Pretty much nothing beats a coat of fresh white paint, but there's more to getting the perfect shade of pale than you might think - here's how to pick the right white before starting your next DIY project.
A world of whites and neutrals
Think white paint is all the same? Think again. There's a reason Resene has literally hundreds of shades of white on offer.
"There really are hundreds!" says Resene Colour expert Rebecca Long. "The Resene Whites & Neutrals collection is made up of 28 palette cards, with 12 individual colours on each card, organised into colour 'families' or varying strengths of the one colour."
And definitely don't underestimate the difference the right - or wrong - white paint will make. Long says the subtle variations seen throughout the Resene Whites & Neutrals collection have the ability to transform your home in a variety of ways.
Before you start, consider whether you want your home to feel cooler, cosier, warmer or brighter, and what - and where - you're planning to paint those whites.
"For example, ceilings get less light than walls so the same colour on a ceiling will look darker than on a wall," she explains. "If you want your ceiling to look the same strength or lighter than your wall, choose a half or quarter strength of your Resene wall colour."
If you think a colour you're looking at on a Resene colour chart may be too dark for your interior, choose a lighter colour. Colours will look more intense when they are painted onto a large indoor area.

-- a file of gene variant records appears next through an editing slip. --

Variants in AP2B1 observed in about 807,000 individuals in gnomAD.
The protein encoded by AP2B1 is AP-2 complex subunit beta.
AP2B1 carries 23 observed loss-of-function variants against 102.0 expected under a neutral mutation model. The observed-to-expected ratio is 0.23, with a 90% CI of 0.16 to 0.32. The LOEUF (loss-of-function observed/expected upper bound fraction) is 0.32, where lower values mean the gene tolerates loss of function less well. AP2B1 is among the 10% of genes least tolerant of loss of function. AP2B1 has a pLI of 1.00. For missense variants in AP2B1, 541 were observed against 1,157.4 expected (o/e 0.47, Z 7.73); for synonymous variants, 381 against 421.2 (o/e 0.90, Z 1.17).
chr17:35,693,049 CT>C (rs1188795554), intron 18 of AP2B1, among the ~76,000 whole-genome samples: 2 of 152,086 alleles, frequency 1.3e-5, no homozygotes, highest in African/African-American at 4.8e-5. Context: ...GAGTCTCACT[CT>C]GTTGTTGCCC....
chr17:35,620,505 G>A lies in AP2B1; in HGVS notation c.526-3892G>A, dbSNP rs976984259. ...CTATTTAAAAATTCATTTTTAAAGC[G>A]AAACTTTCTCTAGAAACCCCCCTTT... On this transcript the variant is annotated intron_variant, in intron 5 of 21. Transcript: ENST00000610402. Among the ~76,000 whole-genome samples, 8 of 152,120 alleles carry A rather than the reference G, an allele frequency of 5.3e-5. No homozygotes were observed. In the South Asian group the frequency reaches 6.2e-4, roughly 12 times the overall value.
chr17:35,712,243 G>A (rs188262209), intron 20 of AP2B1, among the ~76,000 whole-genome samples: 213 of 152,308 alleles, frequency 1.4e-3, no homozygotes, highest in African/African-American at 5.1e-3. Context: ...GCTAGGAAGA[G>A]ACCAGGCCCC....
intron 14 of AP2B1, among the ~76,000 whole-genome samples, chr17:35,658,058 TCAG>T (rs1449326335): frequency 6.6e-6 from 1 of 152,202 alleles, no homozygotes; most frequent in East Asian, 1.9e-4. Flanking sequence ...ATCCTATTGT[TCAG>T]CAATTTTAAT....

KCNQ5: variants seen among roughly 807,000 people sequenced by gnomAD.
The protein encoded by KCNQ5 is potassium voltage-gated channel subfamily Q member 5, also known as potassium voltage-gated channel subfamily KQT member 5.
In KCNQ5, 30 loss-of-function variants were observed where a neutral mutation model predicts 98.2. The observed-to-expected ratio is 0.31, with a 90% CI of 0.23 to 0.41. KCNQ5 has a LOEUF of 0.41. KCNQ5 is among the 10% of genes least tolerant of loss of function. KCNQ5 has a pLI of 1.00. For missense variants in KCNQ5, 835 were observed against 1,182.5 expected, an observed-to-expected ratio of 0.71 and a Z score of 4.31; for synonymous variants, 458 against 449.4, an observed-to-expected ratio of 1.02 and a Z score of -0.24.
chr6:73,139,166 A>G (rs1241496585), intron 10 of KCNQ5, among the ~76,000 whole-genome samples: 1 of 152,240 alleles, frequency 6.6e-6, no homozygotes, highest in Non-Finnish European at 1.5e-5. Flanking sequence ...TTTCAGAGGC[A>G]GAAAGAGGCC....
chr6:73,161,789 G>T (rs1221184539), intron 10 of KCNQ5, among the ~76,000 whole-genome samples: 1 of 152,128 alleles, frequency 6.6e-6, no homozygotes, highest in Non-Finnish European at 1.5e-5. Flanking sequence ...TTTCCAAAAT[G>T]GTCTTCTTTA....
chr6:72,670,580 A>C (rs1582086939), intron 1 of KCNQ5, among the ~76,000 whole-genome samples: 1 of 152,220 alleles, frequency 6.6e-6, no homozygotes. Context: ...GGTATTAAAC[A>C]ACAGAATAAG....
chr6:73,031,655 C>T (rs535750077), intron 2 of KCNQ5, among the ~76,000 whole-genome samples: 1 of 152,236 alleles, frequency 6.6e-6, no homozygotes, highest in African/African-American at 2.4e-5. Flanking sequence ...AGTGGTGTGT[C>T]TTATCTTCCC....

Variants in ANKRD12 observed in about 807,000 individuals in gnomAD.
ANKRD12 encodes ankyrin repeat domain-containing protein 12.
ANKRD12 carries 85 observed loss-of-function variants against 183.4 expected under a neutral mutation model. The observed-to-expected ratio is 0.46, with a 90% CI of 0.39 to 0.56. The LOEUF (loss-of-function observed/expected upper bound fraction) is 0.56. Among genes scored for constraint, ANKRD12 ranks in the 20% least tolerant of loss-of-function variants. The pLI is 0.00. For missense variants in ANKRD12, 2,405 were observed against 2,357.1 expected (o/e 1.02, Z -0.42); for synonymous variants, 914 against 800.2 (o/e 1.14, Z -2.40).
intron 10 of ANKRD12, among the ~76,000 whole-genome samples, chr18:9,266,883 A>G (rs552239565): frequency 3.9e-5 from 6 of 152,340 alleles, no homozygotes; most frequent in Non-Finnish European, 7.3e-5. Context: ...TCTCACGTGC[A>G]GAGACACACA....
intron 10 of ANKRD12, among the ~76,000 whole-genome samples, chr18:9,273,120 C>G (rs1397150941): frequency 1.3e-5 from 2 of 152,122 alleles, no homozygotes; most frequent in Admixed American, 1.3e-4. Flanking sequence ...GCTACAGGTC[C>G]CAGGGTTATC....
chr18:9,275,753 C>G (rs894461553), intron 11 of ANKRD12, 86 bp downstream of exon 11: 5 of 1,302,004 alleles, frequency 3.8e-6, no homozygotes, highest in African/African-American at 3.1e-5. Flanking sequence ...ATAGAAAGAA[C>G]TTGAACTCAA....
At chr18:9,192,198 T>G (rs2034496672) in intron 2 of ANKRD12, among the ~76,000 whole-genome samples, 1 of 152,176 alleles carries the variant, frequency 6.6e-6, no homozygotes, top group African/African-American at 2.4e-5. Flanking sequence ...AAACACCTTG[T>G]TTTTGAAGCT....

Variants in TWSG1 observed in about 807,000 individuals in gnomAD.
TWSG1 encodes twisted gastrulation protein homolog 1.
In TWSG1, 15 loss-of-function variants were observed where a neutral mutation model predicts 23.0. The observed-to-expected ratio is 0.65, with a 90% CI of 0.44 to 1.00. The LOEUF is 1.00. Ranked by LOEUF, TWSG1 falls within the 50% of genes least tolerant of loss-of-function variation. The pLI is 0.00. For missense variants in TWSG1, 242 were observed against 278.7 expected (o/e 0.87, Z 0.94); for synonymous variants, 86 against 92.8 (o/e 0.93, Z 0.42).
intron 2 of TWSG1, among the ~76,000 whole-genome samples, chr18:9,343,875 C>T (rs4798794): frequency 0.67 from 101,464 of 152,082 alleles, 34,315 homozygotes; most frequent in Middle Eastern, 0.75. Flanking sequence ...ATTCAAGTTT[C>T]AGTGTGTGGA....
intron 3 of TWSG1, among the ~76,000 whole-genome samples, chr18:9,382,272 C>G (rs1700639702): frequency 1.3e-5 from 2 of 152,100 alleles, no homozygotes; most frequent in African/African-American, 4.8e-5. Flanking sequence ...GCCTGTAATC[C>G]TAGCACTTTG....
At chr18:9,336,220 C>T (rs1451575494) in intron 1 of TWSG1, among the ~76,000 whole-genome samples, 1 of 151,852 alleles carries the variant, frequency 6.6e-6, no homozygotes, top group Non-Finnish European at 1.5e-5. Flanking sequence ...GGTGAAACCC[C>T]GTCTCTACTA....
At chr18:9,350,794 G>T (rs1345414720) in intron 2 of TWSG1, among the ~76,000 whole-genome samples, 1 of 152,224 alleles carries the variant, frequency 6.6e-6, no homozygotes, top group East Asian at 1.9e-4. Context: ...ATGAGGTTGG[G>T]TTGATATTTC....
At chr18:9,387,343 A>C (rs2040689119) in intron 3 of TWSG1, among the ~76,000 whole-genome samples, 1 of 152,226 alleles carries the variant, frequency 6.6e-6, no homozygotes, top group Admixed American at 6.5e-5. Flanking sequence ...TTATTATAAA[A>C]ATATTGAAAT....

When painting outside, however, the opposite rule applies. If in doubt, go for a darker shade, as the sun will make it appear lighter.
Shades of pale
For those understandably feeling a little overwhelmed by all those similar but different hues, Long offers some on-trend tips.
"For a crisp, minimalist look, you can't go past the classic Resene Black White and Resene Alabaster. Resene Quarter Iron and Resene Half Concrete will help your north-facing room feel cooler even on the hottest day and timeless creams such as Resene Rice Cake and Resene Half Carrara will bring warmth paired with rich timbers and cosy décor."
"Resene Biscotti's elegant, biscuit beige undertone brings warmth into family homes and Resene Half Thorndon Cream effortlessly blends cream with a touch green for a fresh approach."
What are some of Resene's current top sellers in white/neutrals, and why? "Subtle nuances are being celebrated with just a touch of colour being introduced," says Long. "Resene Merino has a subtle, warm grey undertone that offers a sophisticated, modern warmth, and Resene Rice Cake is a gentle cream that offers warmth without appearing too yellow."
See Resene's latest top 20 colour list.
When you are choosing whites, rather than using the identical colour and paint everywhere, use different sheen levels to add extra visual interest. The higher the sheen, the brighter your white will look and the easier it will be to wipe clean. The lower the sheen, the earthier your white will look and the more it will help to hide imperfections in the surface.
Low sheen paint, like Resene SpaceCote Low Sheen is popular for interior walls, and Resene Lumbersider or Resene Sonyx 101 semi-gloss for outdoor use. Contrast with a higher sheen level on trims and joinery with Resene Lustacryl semi-gloss or Resene Enamacryl gloss.
Pro tip: When using a Resene testpot, always paint all of the testpot (two coats) onto a very large piece of A2 card leaving a border around the edge. You can then move it around the room during the day and night to see how it looks. The border will help you see the true colour and not be distracted by the existing colour on your walls.
Roll the painted sample so the colour is innermost and look down into it. This will give you an idea of how the colour will multiply if it is used on all walls.
Long also recommends always choosing the surfaces that have the least choice first - such as your carpet, flooring, benchtops and ceiling colour - before choosing your paint colours.
This article was created for Resene.